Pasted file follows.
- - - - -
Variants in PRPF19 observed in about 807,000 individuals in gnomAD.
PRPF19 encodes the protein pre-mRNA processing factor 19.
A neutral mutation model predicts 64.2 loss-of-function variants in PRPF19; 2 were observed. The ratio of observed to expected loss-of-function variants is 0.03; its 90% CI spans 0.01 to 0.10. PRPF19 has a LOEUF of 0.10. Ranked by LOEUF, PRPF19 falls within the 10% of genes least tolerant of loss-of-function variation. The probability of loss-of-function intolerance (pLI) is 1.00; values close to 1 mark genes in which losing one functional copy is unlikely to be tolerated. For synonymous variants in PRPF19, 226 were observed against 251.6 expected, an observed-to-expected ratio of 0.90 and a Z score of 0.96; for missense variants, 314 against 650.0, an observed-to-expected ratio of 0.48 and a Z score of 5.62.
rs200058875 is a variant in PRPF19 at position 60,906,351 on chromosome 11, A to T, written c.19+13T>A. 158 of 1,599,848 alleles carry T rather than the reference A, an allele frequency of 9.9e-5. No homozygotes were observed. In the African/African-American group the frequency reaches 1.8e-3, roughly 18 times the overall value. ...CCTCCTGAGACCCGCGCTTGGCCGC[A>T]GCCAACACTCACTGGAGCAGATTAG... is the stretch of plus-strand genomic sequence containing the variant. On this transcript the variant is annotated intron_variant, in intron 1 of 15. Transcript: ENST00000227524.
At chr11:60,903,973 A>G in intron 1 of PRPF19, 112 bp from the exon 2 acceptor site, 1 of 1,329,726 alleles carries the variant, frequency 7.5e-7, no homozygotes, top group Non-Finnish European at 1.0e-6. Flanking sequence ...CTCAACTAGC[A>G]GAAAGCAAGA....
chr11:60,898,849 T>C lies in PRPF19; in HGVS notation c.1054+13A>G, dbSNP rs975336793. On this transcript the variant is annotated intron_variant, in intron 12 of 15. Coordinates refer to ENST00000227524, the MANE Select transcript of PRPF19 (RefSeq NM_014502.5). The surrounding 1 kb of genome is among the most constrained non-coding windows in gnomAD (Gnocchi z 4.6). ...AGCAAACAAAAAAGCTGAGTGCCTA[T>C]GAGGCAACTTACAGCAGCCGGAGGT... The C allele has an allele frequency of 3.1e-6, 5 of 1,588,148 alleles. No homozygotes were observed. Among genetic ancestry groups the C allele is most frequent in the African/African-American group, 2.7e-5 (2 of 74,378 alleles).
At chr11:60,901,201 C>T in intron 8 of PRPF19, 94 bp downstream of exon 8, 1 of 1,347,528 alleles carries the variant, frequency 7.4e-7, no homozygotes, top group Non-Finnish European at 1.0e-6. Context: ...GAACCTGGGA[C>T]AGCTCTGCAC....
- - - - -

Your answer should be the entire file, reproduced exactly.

Variants in PRPF19 observed in about 807,000 individuals in gnomAD.
PRPF19 encodes the protein pre-mRNA processing factor 19.
A neutral mutation model predicts 64.2 loss-of-function variants in PRPF19; 2 were observed. The ratio of observed to expected loss-of-function variants is 0.03; its 90% CI spans 0.01 to 0.10. PRPF19 has a LOEUF of 0.10. Ranked by LOEUF, PRPF19 falls within the 10% of genes least tolerant of loss-of-function variation. The probability of loss-of-function intolerance (pLI) is 1.00; values close to 1 mark genes in which losing one functional copy is unlikely to be tolerated. For synonymous variants in PRPF19, 226 were observed against 251.6 expected, an observed-to-expected ratio of 0.90 and a Z score of 0.96; for missense variants, 314 against 650.0, an observed-to-expected ratio of 0.48 and a Z score of 5.62.
rs200058875 is a variant in PRPF19 at position 60,906,351 on chromosome 11, A to T, written c.19+13T>A. 158 of 1,599,848 alleles carry T rather than the reference A, an allele frequency of 9.9e-5. No homozygotes were observed. In the African/African-American group the frequency reaches 1.8e-3, roughly 18 times the overall value. ...CCTCCTGAGACCCGCGCTTGGCCGC[A>T]GCCAACACTCACTGGAGCAGATTAG... is the stretch of plus-strand genomic sequence containing the variant. On this transcript the variant is annotated intron_variant, in intron 1 of 15. Transcript: ENST00000227524.
At chr11:60,903,973 A>G in intron 1 of PRPF19, 112 bp from the exon 2 acceptor site, 1 of 1,329,726 alleles carries the variant, frequency 7.5e-7, no homozygotes, top group Non-Finnish European at 1.0e-6. Flanking sequence ...CTCAACTAGC[A>G]GAAAGCAAGA....
chr11:60,898,849 T>C lies in PRPF19; in HGVS notation c.1054+13A>G, dbSNP rs975336793. On this transcript the variant is annotated intron_variant, in intron 12 of 15. Coordinates refer to ENST00000227524, the MANE Select transcript of PRPF19 (RefSeq NM_014502.5). The surrounding 1 kb of genome is among the most constrained non-coding windows in gnomAD (Gnocchi z 4.6). ...AGCAAACAAAAAAGCTGAGTGCCTA[T>C]GAGGCAACTTACAGCAGCCGGAGGT... The C allele has an allele frequency of 3.1e-6, 5 of 1,588,148 alleles. No homozygotes were observed. Among genetic ancestry groups the C allele is most frequent in the African/African-American group, 2.7e-5 (2 of 74,378 alleles).
At chr11:60,901,201 C>T in intron 8 of PRPF19, 94 bp downstream of exon 8, 1 of 1,347,528 alleles carries the variant, frequency 7.4e-7, no homozygotes, top group Non-Finnish European at 1.0e-6. Context: ...GAACCTGGGA[C>T]AGCTCTGCAC....